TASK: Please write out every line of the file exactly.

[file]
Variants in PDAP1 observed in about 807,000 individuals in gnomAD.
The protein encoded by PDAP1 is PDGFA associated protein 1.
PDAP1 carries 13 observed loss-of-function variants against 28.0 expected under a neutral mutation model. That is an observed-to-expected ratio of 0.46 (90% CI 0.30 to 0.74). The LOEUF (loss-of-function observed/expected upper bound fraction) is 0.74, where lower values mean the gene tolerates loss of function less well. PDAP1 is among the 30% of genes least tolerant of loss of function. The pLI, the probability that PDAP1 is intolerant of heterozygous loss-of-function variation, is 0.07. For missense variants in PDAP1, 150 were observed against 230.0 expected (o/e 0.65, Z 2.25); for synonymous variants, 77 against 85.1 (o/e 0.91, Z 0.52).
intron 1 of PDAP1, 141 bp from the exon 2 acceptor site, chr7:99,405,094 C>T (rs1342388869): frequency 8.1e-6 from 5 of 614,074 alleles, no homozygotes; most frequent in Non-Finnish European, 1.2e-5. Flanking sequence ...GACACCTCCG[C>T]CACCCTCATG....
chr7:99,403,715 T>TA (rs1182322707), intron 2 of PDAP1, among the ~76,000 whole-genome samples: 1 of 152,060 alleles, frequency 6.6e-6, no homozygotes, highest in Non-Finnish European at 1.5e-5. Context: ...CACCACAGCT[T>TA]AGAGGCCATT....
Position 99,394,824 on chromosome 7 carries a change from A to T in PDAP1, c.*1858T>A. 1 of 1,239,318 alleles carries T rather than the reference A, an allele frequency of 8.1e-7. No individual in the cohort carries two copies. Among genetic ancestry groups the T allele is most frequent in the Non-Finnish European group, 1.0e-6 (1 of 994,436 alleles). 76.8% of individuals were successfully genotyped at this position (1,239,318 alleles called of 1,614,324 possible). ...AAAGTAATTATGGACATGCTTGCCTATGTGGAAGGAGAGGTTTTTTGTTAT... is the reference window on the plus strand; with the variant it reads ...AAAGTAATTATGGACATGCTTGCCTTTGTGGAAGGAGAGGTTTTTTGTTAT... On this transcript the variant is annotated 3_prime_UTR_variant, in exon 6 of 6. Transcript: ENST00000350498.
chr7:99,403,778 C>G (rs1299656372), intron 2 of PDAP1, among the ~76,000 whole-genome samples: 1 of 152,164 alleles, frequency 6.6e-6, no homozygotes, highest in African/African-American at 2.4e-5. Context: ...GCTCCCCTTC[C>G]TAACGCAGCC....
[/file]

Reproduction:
Variants in PDAP1 observed in about 807,000 individuals in gnomAD.
The protein encoded by PDAP1 is PDGFA associated protein 1.
PDAP1 carries 13 observed loss-of-function variants against 28.0 expected under a neutral mutation model. That is an observed-to-expected ratio of 0.46 (90% CI 0.30 to 0.74). The LOEUF (loss-of-function observed/expected upper bound fraction) is 0.74, where lower values mean the gene tolerates loss of function less well. PDAP1 is among the 30% of genes least tolerant of loss of function. The pLI, the probability that PDAP1 is intolerant of heterozygous loss-of-function variation, is 0.07. For missense variants in PDAP1, 150 were observed against 230.0 expected (o/e 0.65, Z 2.25); for synonymous variants, 77 against 85.1 (o/e 0.91, Z 0.52).
intron 1 of PDAP1, 141 bp from the exon 2 acceptor site, chr7:99,405,094 C>T (rs1342388869): frequency 8.1e-6 from 5 of 614,074 alleles, no homozygotes; most frequent in Non-Finnish European, 1.2e-5. Flanking sequence ...GACACCTCCG[C>T]CACCCTCATG....
chr7:99,403,715 T>TA (rs1182322707), intron 2 of PDAP1, among the ~76,000 whole-genome samples: 1 of 152,060 alleles, frequency 6.6e-6, no homozygotes, highest in Non-Finnish European at 1.5e-5. Context: ...CACCACAGCT[T>TA]AGAGGCCATT....
Position 99,394,824 on chromosome 7 carries a change from A to T in PDAP1, c.*1858T>A. 1 of 1,239,318 alleles carries T rather than the reference A, an allele frequency of 8.1e-7. No individual in the cohort carries two copies. Among genetic ancestry groups the T allele is most frequent in the Non-Finnish European group, 1.0e-6 (1 of 994,436 alleles). 76.8% of individuals were successfully genotyped at this position (1,239,318 alleles called of 1,614,324 possible). ...AAAGTAATTATGGACATGCTTGCCTATGTGGAAGGAGAGGTTTTTTGTTAT... is the reference window on the plus strand; with the variant it reads ...AAAGTAATTATGGACATGCTTGCCTTTGTGGAAGGAGAGGTTTTTTGTTAT... On this transcript the variant is annotated 3_prime_UTR_variant, in exon 6 of 6. Transcript: ENST00000350498.
chr7:99,403,778 C>G (rs1299656372), intron 2 of PDAP1, among the ~76,000 whole-genome samples: 1 of 152,164 alleles, frequency 6.6e-6, no homozygotes, highest in African/African-American at 2.4e-5. Context: ...GCTCCCCTTC[C>G]TAACGCAGCC....